Compulsory hijabs in English schools 'sexualise' young girls

Compulsory hijabs in English schools 'sexualise' young girls September 25, 2017

The National Secular Society has lodged a complaint with education authorities over the forced wearing of headscarves by girls attending dozens of schools in England.
The NSS, according to its website, examined uniform policies on the websites of registered Islamic schools and found that girls potentially as young as four are instructed to wear the hijab as part of the official uniform policy.
Out of 142 Islamic schools that accept girls, 59 have uniform policies on their website that suggest a headscarf or another form of hijab is compulsory. This includes eight state-funded schools and 27 primary schools ­– three of which are state-funded.
In some cases the requirement is very explicit. At Feversham College in Bradford the policy states:

It is very important that the uniform is loose fitting and modest and that the hijaab is fitted closely to the head. The College uniform is COMPULSORY.

Tayyibah Girls’ School in Hackney states:

The school is not willing to compromise on any issues regarding uniform.

Girls at Al-Ihsaan Community College in Leicester are told they must wear either a “jilbaab or niqab”.
The jilbaab is a long loose-fitting garment which covers the body except the hands, face and feet. Redstone Educational Academy in Birmingham includes the jilbaab as part of the compulsory uniform. Olive Secondary in Bradford says that girls’ faces “must be covered” outside.
Eighteen schools explicitly state in their online uniform policy that the hijab is optional. Thirteen of these are state-funded.
The NSS has written to the Secretary of State for Education, Justine Greening, about the issue. The letter called for the Government to ensure girls from Muslim backgrounds are supported to have free choices, rather than having so called “modesty” codes imposed on them. It urged the Government to issue guidance making clear that a decision not to incorporate the hijab into a school uniform will be supported by the Government, and that the freedom to allow the hijab to be worn does not extend to primary schools.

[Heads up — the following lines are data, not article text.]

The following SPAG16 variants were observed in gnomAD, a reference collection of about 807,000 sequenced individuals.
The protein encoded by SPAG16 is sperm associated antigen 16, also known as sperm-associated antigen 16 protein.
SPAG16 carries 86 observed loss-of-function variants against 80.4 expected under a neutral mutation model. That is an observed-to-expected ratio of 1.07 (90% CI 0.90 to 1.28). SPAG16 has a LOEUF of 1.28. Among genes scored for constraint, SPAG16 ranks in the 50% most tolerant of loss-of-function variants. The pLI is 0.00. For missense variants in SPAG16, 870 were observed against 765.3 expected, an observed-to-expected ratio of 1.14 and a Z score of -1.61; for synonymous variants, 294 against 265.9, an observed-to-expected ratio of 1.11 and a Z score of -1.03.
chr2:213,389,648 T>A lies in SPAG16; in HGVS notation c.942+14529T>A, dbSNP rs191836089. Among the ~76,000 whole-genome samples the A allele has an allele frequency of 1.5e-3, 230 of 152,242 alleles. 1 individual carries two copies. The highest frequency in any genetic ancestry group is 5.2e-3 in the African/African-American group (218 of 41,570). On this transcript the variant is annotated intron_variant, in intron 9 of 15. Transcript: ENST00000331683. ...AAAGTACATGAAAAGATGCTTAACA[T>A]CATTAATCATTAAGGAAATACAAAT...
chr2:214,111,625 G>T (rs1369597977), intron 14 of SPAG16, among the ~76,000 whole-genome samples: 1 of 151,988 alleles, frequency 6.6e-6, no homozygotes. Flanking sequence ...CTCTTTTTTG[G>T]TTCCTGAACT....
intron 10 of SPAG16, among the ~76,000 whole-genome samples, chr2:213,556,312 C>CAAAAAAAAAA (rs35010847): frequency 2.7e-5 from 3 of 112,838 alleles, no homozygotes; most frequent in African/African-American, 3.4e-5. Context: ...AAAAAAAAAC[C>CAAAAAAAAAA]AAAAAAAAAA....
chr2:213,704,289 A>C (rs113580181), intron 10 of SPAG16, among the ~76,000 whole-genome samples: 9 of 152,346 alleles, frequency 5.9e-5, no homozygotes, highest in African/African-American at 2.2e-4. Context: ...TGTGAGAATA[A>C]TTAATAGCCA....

The letter said:

All schools have a duty to ‘actively promote’ individual liberty, to ensure young people leave school prepared for life in modern Britain.
In our view, the forcing of a child to wear the hijab, or any other item of religious clothing, is entirely at odds with this fundamental British value and with wider human rights norms on children’s rights. This conflict needs to be addressed.

The letter has been co-signed by several feminists from Muslim backgrounds including Sara Khan of Inspire, Amina Lone of the Social Action & Research Foundation and human rights activist Yasmin Rehman.
NSS campaigns director, Stephen Evans, commented: